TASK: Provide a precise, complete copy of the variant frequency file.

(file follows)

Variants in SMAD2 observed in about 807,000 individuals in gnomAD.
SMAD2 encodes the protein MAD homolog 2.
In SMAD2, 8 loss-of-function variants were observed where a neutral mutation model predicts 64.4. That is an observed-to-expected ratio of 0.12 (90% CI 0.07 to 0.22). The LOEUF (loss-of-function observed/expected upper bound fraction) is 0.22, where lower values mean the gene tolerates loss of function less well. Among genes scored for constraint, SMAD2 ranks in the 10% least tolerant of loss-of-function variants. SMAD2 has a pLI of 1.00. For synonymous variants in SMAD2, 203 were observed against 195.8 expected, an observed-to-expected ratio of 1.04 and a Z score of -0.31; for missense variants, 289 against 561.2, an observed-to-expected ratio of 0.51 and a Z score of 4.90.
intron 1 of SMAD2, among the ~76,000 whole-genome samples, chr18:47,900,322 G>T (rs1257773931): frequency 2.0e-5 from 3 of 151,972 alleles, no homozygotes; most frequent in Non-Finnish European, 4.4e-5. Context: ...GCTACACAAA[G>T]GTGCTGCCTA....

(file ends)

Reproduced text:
Variants in SMAD2 observed in about 807,000 individuals in gnomAD.
SMAD2 encodes the protein MAD homolog 2.
In SMAD2, 8 loss-of-function variants were observed where a neutral mutation model predicts 64.4. That is an observed-to-expected ratio of 0.12 (90% CI 0.07 to 0.22). The LOEUF (loss-of-function observed/expected upper bound fraction) is 0.22, where lower values mean the gene tolerates loss of function less well. Among genes scored for constraint, SMAD2 ranks in the 10% least tolerant of loss-of-function variants. SMAD2 has a pLI of 1.00. For synonymous variants in SMAD2, 203 were observed against 195.8 expected, an observed-to-expected ratio of 1.04 and a Z score of -0.31; for missense variants, 289 against 561.2, an observed-to-expected ratio of 0.51 and a Z score of 4.90.
intron 1 of SMAD2, among the ~76,000 whole-genome samples, chr18:47,900,322 G>T (rs1257773931): frequency 2.0e-5 from 3 of 151,972 alleles, no homozygotes; most frequent in Non-Finnish European, 4.4e-5. Context: ...GCTACACAAA[G>T]GTGCTGCCTA....